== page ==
Thursday, 31 October 2013

The Man in Grey (1943)
James Mason as Lord Rohan

Released in 1943, The Man in Grey was the first of what were to become known as ‘Gainsborough Gothics’: melodramas produced by Gainsborough Studios in the mid to late 1940s. Most notably it was the film that made stars of James Mason and Stewart Granger  and cemented Margaret Lockwood’s as one of British cinema’s greatest ever stars ...
James Mason & Margaret Lockwood
... even if Stewart Granger had to 'black-up' to give the audience one of the least notable performances of Othello ever committed to screen (he plays an actor in a dire travelling production of Shakespeare's play):
Stewart Granger

Stewart Granger's Othello murders Margaret Lockwood's Desdemona
 Set in Regency England, it tells the story of a popular and beautiful young woman Clarissa Marr (Phyllis Calvert)...
Phyllis Calvert
... who befriends an orphaned girl Hesther Shaw (Margaret Lockwood)...
Margaret Lockwood
... whilst at school. However, despite their friendship Hesther remains aloof, struggling to allow herself to be accepted as her friend’s equal. She is self-aware, understanding the dark side of her own character, meaning she shuns true friendship. Even the gypsy fortune teller recognises her dark character:
After leaving school the two women go their separate ways, with Clarissa marrying Lord Rohan (James Mason), a roguish, selfish, but rich young man who cares little for his wife, instead remaining preoccupied with the pursuit of pleasure.
James Mason & Phyllis Calvert

When Clarissa and ML become reacquainted, whilst Hesther is acting in ‘Othello’ opposite Peter Rokeby (Stewart Granger), and PC invites her old friend to live in the family home, it’s a sure sign that things are about to go tragically wrong. It’s not long before Hesther is sharing Lord Rohan’s bed (after the obligatory fight) ...

... and Clarissa is thrown into the path of Peter Rokeby.

In keeping with its wartime release, the film is a flashback with Phyllis Calvert playing a descendant of Clarissa) meeting a descendant of Peter Rokeby (played, of course, by Stewart Granger) at an auction of the family possessions:
Phyllis Calvert & Stewart Granger
As anyone familiar with Gainsborough's output during this period, it all ends in tragedy:
Margaret Lockwood
It's safe to say that The Man in Grey set the tone for later films such as The Wicked Lady although the style is not yet as overtly sexual as it would become in the later film. After all, anyone who has watched Margaret Lockwood's chest in The Wicked Lady will understand the impact that film had - since just three years earlier Gainsborough's flirtation with the female form got little further than a flash of Phyllis Calvert's voluminous underwear:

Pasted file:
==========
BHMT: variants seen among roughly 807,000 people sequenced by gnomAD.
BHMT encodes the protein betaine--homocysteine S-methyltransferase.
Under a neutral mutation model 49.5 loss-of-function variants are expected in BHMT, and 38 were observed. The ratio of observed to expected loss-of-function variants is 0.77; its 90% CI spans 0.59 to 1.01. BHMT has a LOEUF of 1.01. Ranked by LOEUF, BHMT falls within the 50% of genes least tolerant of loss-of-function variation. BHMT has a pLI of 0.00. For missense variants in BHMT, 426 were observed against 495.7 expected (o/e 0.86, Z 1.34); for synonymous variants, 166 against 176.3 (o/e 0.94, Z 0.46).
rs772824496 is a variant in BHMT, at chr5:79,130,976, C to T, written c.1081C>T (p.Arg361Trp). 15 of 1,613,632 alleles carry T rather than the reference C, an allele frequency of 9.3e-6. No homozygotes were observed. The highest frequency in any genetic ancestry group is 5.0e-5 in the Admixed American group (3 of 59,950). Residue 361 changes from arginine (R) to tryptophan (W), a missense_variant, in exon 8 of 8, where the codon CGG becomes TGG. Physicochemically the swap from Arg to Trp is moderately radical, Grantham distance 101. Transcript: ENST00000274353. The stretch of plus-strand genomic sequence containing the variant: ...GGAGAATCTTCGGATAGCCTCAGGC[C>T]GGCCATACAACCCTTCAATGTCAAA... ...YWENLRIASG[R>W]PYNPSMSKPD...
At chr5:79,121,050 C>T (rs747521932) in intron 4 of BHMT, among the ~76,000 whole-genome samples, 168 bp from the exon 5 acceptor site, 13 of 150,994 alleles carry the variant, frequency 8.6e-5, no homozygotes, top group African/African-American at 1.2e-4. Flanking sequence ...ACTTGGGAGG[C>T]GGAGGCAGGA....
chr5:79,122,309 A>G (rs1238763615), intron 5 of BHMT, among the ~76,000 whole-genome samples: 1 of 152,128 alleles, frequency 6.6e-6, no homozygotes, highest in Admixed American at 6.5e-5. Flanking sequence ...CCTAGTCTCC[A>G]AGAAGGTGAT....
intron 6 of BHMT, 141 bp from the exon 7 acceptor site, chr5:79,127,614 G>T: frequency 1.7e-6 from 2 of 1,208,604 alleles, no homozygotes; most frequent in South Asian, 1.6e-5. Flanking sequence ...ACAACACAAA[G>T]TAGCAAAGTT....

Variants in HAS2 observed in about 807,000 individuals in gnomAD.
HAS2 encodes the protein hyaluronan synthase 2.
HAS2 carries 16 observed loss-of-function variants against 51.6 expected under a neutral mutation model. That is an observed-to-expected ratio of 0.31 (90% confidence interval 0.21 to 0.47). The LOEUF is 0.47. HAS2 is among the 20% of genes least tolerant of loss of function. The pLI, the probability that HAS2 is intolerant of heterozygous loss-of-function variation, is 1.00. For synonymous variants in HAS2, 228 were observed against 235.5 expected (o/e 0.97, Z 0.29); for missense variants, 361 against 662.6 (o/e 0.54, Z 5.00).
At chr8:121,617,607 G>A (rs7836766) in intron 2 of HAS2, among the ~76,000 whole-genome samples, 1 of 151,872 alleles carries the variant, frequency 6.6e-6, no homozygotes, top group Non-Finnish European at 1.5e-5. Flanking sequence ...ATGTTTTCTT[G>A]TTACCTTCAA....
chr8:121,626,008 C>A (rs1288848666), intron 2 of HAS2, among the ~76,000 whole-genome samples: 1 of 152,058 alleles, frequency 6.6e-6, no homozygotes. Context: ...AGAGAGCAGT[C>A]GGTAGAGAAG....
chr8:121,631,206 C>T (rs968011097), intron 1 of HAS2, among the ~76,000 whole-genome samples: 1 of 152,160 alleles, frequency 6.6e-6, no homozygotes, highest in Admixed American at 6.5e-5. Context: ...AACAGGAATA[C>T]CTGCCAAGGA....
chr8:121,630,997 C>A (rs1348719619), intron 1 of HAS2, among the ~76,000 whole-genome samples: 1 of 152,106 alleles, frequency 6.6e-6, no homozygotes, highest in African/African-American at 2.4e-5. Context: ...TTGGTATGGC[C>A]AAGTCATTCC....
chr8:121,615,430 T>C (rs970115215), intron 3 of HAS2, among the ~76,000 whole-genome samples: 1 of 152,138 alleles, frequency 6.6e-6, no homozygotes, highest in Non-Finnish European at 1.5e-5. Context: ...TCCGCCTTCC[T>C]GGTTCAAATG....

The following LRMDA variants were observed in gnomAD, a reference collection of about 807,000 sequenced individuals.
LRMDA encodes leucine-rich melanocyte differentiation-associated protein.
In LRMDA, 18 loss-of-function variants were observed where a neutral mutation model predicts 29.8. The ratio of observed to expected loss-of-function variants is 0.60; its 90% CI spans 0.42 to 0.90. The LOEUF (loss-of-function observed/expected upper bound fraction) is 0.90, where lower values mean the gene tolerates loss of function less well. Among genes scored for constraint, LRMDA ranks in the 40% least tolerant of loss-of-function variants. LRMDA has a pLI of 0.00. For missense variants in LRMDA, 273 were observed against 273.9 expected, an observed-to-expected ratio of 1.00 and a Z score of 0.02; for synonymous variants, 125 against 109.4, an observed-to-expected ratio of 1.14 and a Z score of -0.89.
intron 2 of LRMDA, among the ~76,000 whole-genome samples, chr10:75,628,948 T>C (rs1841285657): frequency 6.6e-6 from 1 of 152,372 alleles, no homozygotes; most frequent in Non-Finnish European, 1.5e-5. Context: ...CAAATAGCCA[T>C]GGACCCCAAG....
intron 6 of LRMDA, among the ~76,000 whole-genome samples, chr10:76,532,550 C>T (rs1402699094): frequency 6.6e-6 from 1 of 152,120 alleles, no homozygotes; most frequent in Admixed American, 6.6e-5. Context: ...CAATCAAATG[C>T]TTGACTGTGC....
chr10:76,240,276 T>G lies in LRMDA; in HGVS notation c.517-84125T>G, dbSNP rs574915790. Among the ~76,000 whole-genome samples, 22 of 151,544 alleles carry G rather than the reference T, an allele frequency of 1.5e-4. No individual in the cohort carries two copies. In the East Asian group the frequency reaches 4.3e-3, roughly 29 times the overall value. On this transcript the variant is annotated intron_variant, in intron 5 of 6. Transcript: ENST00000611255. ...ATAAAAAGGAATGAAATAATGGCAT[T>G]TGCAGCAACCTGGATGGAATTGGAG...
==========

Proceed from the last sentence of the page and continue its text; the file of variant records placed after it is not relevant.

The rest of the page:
Phyllis Calvert
Over-the-top; melodramatic; ridiculous? Yes – but fun. That’s why we watch these films.

Most interesting is Clarissa’s servant Toby, played by Harry Scott, who curiously doesn’t seem to age throughout the course of the film.
Harry Scott
Whilst it was fashionable to have black servants in Regency England, it’s less clear why the filmmakers appear to have cast a white boy in the role, who was ‘blacked-up’ minstrel style for the role. Considering that there were plenty of black children in the UK during this period (they found a whole classroom of black children for the 1938 Will Hay film Old Bones of the River – complete with cockney accents)
Also featuring are Martita Hunt:
Martita Hunt
and Roy Emmerton, perfectly cast as the man who organises the dogfights attended by Lord Rohan:
Roy Emmerton
What can one say about a film that has Martita Hunt describe a snowball fight as "hoiterous romping" (whatever that means) and introduces an imaginary character named 'Leticia Fitznoodle'?
My favourite line of the film has to be Lord Rohan's words to Hesther:
"Has anyone ever told you what a slut you are?"
James Mason & Margaret Lockwood

Monday, 28 October 2013

The Nanny (1965)
Bette Davis
 Whilst Hammer Films might be best known for their output of richly coloured horror films, for many it is black and white psychological thrillers, such as The Nanny, that were actually their best films. And on viewing this for the first time, I agree that it's a strong argument.
Directed by Seth Holt, from a Jimmy Sangster script based on a novel by Evelyn Piper, it's the story of a sinister nanny (played by Bette Davis) who can only be described as the antithesis of Mary Poppins: if this nanny turns up in your home, you know you aren't going to be dancing on the rooftops with Dick Van Dyke - more likely you'll be jumping off the roof (with just a little bit of help ...).
Nanny works for Mrs and Mrs Fane (James Villiers and Wendy Craig):
James Villiers

Wendy Craig
Wendy Craig